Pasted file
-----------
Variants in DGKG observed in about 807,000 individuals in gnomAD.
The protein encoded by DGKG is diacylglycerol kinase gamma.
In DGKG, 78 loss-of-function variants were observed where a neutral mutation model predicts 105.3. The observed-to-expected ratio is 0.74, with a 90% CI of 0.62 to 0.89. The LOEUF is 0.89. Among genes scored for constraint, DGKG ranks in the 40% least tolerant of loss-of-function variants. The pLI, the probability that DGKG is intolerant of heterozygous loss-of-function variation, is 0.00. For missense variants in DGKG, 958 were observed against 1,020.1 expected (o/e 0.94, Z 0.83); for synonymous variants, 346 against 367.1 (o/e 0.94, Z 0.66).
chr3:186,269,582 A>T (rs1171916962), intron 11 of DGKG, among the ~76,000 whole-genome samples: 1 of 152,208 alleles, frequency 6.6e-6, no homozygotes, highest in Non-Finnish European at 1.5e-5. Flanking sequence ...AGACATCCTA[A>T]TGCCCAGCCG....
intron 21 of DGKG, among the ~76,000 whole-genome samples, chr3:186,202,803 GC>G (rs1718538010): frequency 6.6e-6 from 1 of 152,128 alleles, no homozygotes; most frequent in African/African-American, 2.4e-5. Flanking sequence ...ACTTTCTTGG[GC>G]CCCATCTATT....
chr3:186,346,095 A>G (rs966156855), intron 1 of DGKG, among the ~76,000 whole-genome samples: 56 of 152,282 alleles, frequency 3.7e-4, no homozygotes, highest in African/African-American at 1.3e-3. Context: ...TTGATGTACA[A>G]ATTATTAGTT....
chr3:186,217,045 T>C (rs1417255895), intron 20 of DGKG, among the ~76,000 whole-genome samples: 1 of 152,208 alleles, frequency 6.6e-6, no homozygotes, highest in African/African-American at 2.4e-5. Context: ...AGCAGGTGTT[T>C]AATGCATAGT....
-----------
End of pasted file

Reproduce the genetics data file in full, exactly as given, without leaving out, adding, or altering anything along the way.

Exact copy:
Variants in DGKG observed in about 807,000 individuals in gnomAD.
The protein encoded by DGKG is diacylglycerol kinase gamma.
In DGKG, 78 loss-of-function variants were observed where a neutral mutation model predicts 105.3. The observed-to-expected ratio is 0.74, with a 90% CI of 0.62 to 0.89. The LOEUF is 0.89. Among genes scored for constraint, DGKG ranks in the 40% least tolerant of loss-of-function variants. The pLI, the probability that DGKG is intolerant of heterozygous loss-of-function variation, is 0.00. For missense variants in DGKG, 958 were observed against 1,020.1 expected (o/e 0.94, Z 0.83); for synonymous variants, 346 against 367.1 (o/e 0.94, Z 0.66).
chr3:186,269,582 A>T (rs1171916962), intron 11 of DGKG, among the ~76,000 whole-genome samples: 1 of 152,208 alleles, frequency 6.6e-6, no homozygotes, highest in Non-Finnish European at 1.5e-5. Flanking sequence ...AGACATCCTA[A>T]TGCCCAGCCG....
intron 21 of DGKG, among the ~76,000 whole-genome samples, chr3:186,202,803 GC>G (rs1718538010): frequency 6.6e-6 from 1 of 152,128 alleles, no homozygotes; most frequent in African/African-American, 2.4e-5. Flanking sequence ...ACTTTCTTGG[GC>G]CCCATCTATT....
chr3:186,346,095 A>G (rs966156855), intron 1 of DGKG, among the ~76,000 whole-genome samples: 56 of 152,282 alleles, frequency 3.7e-4, no homozygotes, highest in African/African-American at 1.3e-3. Context: ...TTGATGTACA[A>G]ATTATTAGTT....
chr3:186,217,045 T>C (rs1417255895), intron 20 of DGKG, among the ~76,000 whole-genome samples: 1 of 152,208 alleles, frequency 6.6e-6, no homozygotes, highest in African/African-American at 2.4e-5. Context: ...AGCAGGTGTT[T>C]AATGCATAGT....